Designing for complex systems

2016: User Research, UX Design, Visual Design, Systems Design, Brand Styling


Genie was the final product of a three part system that aimed to help transition college students between dependent to independent financial statuses. We first identified the main problem spaces by talking to students about money management. Aiming to start difficult conversations about money management and budgeting, it was important for genie to have an approachable, yet professional and trustworthy look that was consistent in between the systems. Working with Jessie Headrick our team worked to identity the main spaces a conversation about money could be started on campus. 


three main approaches:

  • Identify that there is a problem (or an undesirable situation that could be improved) (print)
  • Inspire and offer a possibility for change (print/environment)
  • Provide one such tool to bring about that change (digital)

In targeting three different methods of reaching students, we were working within complex systems of what people expected from different medium. Our app targeted a change in behavior where students would better manage their money with a tool that tracked the most important parts of student spendings. While our digital component wasn’t an all-encompassing tool to fix the problem of money management — it was aimed as a resource to help students begin the practice of financial management for a more financially independent future. Because talking about money tended to be a sensitive, we asked questions that revealed student's relationship with money management such as:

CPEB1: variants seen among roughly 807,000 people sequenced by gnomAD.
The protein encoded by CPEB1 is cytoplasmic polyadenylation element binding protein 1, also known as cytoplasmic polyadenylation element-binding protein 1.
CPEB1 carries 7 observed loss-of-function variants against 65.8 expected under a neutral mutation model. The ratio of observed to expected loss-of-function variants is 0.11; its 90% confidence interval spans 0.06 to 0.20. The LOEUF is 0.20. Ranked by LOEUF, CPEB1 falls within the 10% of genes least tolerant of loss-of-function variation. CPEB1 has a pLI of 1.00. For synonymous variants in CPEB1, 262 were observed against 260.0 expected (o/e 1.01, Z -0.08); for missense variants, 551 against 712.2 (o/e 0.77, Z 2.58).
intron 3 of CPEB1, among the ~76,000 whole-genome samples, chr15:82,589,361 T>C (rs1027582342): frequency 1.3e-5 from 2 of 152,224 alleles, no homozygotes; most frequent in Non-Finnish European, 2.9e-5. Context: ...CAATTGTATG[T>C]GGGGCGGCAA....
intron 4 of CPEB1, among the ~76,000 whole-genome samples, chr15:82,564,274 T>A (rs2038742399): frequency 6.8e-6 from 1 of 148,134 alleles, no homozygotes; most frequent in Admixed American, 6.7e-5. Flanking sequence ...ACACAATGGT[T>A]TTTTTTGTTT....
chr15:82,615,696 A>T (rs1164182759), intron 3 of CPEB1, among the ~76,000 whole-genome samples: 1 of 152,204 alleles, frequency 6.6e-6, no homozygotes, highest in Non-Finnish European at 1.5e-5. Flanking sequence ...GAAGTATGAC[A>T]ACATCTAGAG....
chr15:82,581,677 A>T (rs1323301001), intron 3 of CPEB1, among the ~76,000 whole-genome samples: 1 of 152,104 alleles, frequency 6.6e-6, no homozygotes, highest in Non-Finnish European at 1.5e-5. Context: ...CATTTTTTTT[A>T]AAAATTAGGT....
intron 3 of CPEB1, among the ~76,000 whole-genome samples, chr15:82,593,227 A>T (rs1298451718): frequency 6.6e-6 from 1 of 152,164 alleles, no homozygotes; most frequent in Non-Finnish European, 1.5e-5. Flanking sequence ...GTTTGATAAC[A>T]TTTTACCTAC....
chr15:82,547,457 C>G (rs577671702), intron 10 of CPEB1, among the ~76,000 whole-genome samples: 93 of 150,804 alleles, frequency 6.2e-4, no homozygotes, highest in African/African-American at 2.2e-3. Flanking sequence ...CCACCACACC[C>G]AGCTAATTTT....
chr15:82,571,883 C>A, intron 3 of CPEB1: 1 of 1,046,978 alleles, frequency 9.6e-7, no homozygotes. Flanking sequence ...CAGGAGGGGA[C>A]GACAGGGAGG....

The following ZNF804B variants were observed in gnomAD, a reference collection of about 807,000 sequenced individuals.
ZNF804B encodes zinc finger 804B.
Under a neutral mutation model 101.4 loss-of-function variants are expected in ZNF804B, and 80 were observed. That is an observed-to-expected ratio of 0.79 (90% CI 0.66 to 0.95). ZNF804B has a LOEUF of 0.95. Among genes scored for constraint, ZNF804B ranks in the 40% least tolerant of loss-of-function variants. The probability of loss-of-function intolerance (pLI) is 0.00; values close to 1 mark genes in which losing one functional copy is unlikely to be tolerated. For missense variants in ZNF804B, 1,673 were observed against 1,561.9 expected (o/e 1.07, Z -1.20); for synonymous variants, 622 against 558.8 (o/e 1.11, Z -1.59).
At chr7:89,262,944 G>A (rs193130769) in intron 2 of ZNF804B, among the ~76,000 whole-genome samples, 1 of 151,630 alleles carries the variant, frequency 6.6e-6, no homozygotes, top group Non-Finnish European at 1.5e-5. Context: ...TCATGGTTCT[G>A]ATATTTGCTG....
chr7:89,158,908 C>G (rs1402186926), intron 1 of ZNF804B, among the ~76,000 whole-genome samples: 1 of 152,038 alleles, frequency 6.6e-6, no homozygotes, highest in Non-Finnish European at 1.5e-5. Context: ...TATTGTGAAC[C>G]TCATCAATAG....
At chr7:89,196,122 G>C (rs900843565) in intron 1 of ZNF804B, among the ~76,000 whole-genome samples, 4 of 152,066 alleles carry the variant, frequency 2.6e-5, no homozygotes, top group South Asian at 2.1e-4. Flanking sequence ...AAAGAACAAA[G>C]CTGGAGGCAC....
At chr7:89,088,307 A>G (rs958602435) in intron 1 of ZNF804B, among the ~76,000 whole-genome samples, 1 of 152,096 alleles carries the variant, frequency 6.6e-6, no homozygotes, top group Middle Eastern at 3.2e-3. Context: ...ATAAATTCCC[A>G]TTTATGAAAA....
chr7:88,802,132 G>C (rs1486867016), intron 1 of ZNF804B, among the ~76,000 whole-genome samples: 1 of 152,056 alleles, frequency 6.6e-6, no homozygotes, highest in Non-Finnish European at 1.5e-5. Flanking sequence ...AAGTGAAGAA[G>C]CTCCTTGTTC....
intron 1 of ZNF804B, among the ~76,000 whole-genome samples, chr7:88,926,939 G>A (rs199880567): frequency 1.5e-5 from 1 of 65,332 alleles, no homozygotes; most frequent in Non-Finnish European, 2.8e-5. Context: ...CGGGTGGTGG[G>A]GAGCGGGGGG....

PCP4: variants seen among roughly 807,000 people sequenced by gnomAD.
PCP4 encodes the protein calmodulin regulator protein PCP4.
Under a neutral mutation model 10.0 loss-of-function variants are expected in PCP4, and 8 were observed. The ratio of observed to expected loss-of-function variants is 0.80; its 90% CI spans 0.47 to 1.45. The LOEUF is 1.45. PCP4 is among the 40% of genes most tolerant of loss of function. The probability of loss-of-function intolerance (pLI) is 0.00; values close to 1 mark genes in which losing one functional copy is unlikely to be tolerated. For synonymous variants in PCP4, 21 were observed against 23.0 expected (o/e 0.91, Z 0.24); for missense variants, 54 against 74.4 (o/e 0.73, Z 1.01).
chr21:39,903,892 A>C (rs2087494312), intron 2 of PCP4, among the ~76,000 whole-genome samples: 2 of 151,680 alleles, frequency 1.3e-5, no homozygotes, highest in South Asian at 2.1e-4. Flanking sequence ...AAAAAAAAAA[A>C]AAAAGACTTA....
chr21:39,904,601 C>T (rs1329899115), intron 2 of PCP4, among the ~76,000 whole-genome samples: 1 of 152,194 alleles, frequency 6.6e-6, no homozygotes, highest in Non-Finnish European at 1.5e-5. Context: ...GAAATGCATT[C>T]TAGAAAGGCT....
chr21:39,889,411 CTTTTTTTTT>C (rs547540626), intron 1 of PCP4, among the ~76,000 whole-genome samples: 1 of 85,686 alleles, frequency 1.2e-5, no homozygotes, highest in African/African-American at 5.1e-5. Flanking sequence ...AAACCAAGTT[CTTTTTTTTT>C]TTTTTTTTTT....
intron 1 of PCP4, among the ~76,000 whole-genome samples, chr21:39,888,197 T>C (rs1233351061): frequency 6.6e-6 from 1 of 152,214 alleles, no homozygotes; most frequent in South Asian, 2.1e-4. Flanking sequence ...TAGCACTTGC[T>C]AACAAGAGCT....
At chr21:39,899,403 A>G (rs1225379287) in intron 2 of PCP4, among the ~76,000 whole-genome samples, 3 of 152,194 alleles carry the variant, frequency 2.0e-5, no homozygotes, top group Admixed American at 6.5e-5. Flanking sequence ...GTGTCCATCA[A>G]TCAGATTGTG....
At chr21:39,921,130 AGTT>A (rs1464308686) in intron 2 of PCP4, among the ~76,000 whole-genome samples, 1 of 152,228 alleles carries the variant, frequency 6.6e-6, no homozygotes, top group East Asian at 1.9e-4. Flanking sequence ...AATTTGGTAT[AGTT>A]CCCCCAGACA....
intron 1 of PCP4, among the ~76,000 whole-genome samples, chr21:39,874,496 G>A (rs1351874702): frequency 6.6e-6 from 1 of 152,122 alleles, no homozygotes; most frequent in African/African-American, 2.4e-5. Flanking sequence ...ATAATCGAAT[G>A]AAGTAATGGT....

• What do you wish you knew related to money coming into college?
  • What platforms do you use for money management?
  • What past knowledge/ understanding do you have about money?
  • On what do you spend most of your discretionary spending on?
  • Did they have experience with money management?

Targeting the system

If the app provided a digital resource, the print and environmental pieces were aimed to spark internal dialogues about money. We chose the spots for our environmental and print pieces based on campus locations where students spent a lot of their time and money. We wanted to help students think about how their money was being spent without having them feel like they were being judged. In order to make the concept relatable to students, we planned to use scenarios, language, and voices that were relatable to create communication that was digestible to an audience with mixed financial understandings. 


At the end, we created an interactive infographic system. We imagined a flow chart of questions probing at financial habits that could be improved through budgeting. We saw this print piece initiating some internal conversation about financial habits and become an internal motivator. These easily relatable questions invites our audience to try out the app for awhile. Overall the voice was casual but poked at some issues that our audience was most likely experiencing.


Developing the Brand

The brand of Genie was an inspiration of our goals. Talking to students made us realize that students were in many ways intimidated by money management and just 'wished' it could be taken cared of for them. We thought that this concept was an interesting one to explore for the brand, that knowing your budget for the day should be as easy wishing it away! Determining how the Genie brand would be visually manifested was more difficult. We wanted the brand to be taken seriously and be related back to money management. 

Our very first sketch of Genie was an illustration of the more commonly known Genie We soon realized that Disney-ified version of Genie was not believable in the context of managing money. At the end, we came upon the idea of making the piggy bank the genie in form. That is using the typical wispiness of a genie and basic form of a piggy bank together. Though a lot of our visual communication takes on a sketching hand drawn quality, we thought vectorizing the illustration of the Genie pig was best in order to bridge the print and digital piece.